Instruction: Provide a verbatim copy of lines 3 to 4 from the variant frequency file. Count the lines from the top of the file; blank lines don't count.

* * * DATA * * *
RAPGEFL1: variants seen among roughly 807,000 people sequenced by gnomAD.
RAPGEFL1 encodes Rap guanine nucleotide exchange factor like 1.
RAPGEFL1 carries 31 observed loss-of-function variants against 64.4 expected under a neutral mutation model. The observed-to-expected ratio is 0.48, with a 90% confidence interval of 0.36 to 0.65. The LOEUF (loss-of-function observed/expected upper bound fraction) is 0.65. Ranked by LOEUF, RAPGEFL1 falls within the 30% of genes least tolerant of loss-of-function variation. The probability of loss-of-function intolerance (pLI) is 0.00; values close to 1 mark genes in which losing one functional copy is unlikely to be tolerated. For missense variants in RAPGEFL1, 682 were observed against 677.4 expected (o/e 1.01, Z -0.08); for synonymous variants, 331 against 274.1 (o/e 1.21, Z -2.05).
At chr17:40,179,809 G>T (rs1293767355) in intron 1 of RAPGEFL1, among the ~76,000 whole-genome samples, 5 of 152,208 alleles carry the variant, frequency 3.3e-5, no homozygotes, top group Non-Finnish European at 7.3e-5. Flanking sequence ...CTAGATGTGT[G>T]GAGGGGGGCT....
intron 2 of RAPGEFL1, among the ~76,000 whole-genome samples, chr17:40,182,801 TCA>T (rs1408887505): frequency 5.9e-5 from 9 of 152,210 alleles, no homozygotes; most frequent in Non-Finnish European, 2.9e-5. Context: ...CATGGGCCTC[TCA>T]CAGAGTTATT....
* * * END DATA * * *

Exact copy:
RAPGEFL1 carries 31 observed loss-of-function variants against 64.4 expected under a neutral mutation model. The observed-to-expected ratio is 0.48, with a 90% confidence interval of 0.36 to 0.65. The LOEUF (loss-of-function observed/expected upper bound fraction) is 0.65. Ranked by LOEUF, RAPGEFL1 falls within the 30% of genes least tolerant of loss-of-function variation. The probability of loss-of-function intolerance (pLI) is 0.00; values close to 1 mark genes in which losing one functional copy is unlikely to be tolerated. For missense variants in RAPGEFL1, 682 were observed against 677.4 expected (o/e 1.01, Z -0.08); for synonymous variants, 331 against 274.1 (o/e 1.21, Z -2.05).
At chr17:40,179,809 G>T (rs1293767355) in intron 1 of RAPGEFL1, among the ~76,000 whole-genome samples, 5 of 152,208 alleles carry the variant, frequency 3.3e-5, no homozygotes, top group Non-Finnish European at 7.3e-5. Flanking sequence ...CTAGATGTGT[G>T]GAGGGGGGCT....